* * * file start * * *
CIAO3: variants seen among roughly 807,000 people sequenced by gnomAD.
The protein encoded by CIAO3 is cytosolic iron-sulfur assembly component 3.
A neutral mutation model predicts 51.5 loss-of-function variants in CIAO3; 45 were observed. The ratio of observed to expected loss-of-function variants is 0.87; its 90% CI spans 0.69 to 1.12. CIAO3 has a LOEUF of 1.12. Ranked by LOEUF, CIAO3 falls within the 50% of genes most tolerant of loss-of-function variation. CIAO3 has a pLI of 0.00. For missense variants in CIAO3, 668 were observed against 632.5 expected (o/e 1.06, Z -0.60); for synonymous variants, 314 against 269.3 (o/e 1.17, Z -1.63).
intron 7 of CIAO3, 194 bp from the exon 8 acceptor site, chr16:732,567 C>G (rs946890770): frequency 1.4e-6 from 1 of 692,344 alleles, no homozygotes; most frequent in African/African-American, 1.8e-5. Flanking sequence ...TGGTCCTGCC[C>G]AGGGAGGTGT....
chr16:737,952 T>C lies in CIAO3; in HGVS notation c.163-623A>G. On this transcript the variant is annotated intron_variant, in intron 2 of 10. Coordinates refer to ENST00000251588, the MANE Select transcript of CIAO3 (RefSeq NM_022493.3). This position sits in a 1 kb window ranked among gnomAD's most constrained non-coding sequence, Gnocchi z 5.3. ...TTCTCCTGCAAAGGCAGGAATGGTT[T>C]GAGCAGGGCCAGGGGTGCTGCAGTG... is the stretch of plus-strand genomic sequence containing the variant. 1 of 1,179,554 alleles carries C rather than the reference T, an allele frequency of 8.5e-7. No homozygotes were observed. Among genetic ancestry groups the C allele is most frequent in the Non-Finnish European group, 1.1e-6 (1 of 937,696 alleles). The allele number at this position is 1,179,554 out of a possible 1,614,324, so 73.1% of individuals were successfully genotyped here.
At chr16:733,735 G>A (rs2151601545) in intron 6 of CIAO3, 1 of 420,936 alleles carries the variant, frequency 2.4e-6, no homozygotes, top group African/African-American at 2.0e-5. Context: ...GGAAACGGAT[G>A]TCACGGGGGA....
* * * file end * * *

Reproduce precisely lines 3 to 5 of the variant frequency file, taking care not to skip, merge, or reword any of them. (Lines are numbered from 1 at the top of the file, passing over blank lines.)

A neutral mutation model predicts 51.5 loss-of-function variants in CIAO3; 45 were observed. The ratio of observed to expected loss-of-function variants is 0.87; its 90% CI spans 0.69 to 1.12. CIAO3 has a LOEUF of 1.12. Ranked by LOEUF, CIAO3 falls within the 50% of genes most tolerant of loss-of-function variation. CIAO3 has a pLI of 0.00. For missense variants in CIAO3, 668 were observed against 632.5 expected (o/e 1.06, Z -0.60); for synonymous variants, 314 against 269.3 (o/e 1.17, Z -1.63).
intron 7 of CIAO3, 194 bp from the exon 8 acceptor site, chr16:732,567 C>G (rs946890770): frequency 1.4e-6 from 1 of 692,344 alleles, no homozygotes; most frequent in African/African-American, 1.8e-5. Flanking sequence ...TGGTCCTGCC[C>G]AGGGAGGTGT....
chr16:737,952 T>C lies in CIAO3; in HGVS notation c.163-623A>G. On this transcript the variant is annotated intron_variant, in intron 2 of 10. Coordinates refer to ENST00000251588, the MANE Select transcript of CIAO3 (RefSeq NM_022493.3). This position sits in a 1 kb window ranked among gnomAD's most constrained non-coding sequence, Gnocchi z 5.3. ...TTCTCCTGCAAAGGCAGGAATGGTT[T>C]GAGCAGGGCCAGGGGTGCTGCAGTG... is the stretch of plus-strand genomic sequence containing the variant. 1 of 1,179,554 alleles carries C rather than the reference T, an allele frequency of 8.5e-7. No homozygotes were observed. Among genetic ancestry groups the C allele is most frequent in the Non-Finnish European group, 1.1e-6 (1 of 937,696 alleles). The allele number at this position is 1,179,554 out of a possible 1,614,324, so 73.1% of individuals were successfully genotyped here.